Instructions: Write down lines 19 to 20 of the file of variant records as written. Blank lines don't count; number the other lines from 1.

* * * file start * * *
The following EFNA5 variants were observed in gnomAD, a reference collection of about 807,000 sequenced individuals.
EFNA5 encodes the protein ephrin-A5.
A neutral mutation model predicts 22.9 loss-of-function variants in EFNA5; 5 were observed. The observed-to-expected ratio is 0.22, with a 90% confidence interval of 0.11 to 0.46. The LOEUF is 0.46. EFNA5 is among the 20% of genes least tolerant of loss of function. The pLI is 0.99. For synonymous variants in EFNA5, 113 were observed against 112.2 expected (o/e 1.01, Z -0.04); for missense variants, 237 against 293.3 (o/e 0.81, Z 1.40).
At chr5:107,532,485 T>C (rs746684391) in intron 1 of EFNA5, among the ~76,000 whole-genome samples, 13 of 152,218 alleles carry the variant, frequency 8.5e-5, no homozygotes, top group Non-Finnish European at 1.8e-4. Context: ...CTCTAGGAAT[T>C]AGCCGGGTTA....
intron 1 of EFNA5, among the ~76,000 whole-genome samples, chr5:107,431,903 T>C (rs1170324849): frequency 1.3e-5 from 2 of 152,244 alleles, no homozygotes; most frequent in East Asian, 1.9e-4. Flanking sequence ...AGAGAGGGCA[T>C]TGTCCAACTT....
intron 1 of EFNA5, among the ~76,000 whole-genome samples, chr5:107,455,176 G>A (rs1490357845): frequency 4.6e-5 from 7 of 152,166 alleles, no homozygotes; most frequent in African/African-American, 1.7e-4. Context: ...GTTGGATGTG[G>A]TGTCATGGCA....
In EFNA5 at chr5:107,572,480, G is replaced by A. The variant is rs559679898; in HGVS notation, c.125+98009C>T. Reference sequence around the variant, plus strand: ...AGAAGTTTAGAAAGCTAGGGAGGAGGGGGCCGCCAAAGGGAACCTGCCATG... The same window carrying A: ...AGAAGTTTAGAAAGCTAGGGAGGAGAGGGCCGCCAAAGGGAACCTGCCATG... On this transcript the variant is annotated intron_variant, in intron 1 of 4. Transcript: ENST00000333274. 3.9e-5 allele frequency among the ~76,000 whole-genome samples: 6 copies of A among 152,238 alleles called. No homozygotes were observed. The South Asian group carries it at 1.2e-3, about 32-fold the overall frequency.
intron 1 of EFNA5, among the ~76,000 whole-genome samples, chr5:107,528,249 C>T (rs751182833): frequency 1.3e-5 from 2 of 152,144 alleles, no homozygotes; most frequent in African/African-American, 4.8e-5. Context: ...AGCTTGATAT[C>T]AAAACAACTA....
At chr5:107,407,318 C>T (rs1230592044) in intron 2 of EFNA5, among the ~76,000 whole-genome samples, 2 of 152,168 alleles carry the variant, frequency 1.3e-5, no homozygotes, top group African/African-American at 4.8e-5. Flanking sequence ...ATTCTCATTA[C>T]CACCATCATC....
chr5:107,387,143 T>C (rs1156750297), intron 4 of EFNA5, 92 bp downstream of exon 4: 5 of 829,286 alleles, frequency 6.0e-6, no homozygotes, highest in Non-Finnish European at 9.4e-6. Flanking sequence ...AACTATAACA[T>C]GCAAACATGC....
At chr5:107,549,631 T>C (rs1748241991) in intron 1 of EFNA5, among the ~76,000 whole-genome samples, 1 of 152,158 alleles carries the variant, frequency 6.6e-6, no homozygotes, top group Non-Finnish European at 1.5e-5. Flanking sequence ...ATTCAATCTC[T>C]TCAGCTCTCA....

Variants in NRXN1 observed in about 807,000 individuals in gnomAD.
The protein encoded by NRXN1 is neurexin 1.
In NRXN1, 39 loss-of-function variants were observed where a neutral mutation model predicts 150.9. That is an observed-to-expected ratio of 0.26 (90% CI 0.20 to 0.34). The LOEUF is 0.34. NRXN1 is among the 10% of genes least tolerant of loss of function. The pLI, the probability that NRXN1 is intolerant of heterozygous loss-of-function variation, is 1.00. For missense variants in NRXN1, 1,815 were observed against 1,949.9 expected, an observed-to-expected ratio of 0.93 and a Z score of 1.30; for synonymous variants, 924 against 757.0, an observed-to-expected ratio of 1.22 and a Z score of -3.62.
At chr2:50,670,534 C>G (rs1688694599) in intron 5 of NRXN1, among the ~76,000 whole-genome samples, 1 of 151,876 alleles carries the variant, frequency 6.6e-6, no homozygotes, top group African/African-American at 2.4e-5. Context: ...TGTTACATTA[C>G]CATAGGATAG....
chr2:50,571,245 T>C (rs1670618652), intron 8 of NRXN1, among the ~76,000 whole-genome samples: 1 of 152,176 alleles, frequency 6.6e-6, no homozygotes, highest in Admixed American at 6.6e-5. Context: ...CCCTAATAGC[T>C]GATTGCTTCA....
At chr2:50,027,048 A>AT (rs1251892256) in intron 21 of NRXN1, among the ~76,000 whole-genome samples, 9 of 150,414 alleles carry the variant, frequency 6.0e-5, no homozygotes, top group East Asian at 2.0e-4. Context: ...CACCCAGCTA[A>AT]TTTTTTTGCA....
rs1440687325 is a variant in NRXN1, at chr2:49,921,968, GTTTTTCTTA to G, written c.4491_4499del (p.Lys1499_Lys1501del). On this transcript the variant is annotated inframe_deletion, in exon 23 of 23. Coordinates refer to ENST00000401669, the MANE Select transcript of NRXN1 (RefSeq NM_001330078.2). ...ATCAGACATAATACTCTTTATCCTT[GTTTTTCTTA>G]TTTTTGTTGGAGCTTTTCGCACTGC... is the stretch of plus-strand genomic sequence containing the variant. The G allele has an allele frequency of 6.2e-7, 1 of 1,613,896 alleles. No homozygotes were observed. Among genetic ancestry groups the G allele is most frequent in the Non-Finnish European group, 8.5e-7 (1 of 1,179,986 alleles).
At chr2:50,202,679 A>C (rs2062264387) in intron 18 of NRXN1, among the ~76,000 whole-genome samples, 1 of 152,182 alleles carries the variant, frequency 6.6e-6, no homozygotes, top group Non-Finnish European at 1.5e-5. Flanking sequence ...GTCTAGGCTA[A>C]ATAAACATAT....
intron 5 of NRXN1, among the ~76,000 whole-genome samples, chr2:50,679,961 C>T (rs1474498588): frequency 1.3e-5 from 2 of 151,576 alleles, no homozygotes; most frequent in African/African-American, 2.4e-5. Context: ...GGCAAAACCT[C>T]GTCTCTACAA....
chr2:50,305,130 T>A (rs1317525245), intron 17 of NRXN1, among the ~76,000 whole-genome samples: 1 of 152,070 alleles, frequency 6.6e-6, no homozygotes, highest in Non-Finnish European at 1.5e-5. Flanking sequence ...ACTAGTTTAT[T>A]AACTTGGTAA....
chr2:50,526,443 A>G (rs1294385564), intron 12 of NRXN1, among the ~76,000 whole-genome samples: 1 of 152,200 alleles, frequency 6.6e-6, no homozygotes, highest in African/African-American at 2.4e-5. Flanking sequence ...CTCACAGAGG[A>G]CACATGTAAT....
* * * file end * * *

At chr2:50,202,679 A>C (rs2062264387) in intron 18 of NRXN1, among the ~76,000 whole-genome samples, 1 of 152,182 alleles carries the variant, frequency 6.6e-6, no homozygotes, top group Non-Finnish European at 1.5e-5. Flanking sequence ...GTCTAGGCTA[A>C]ATAAACATAT....
intron 5 of NRXN1, among the ~76,000 whole-genome samples, chr2:50,679,961 C>T (rs1474498588): frequency 1.3e-5 from 2 of 151,576 alleles, no homozygotes; most frequent in African/African-American, 2.4e-5. Context: ...GGCAAAACCT[C>T]GTCTCTACAA....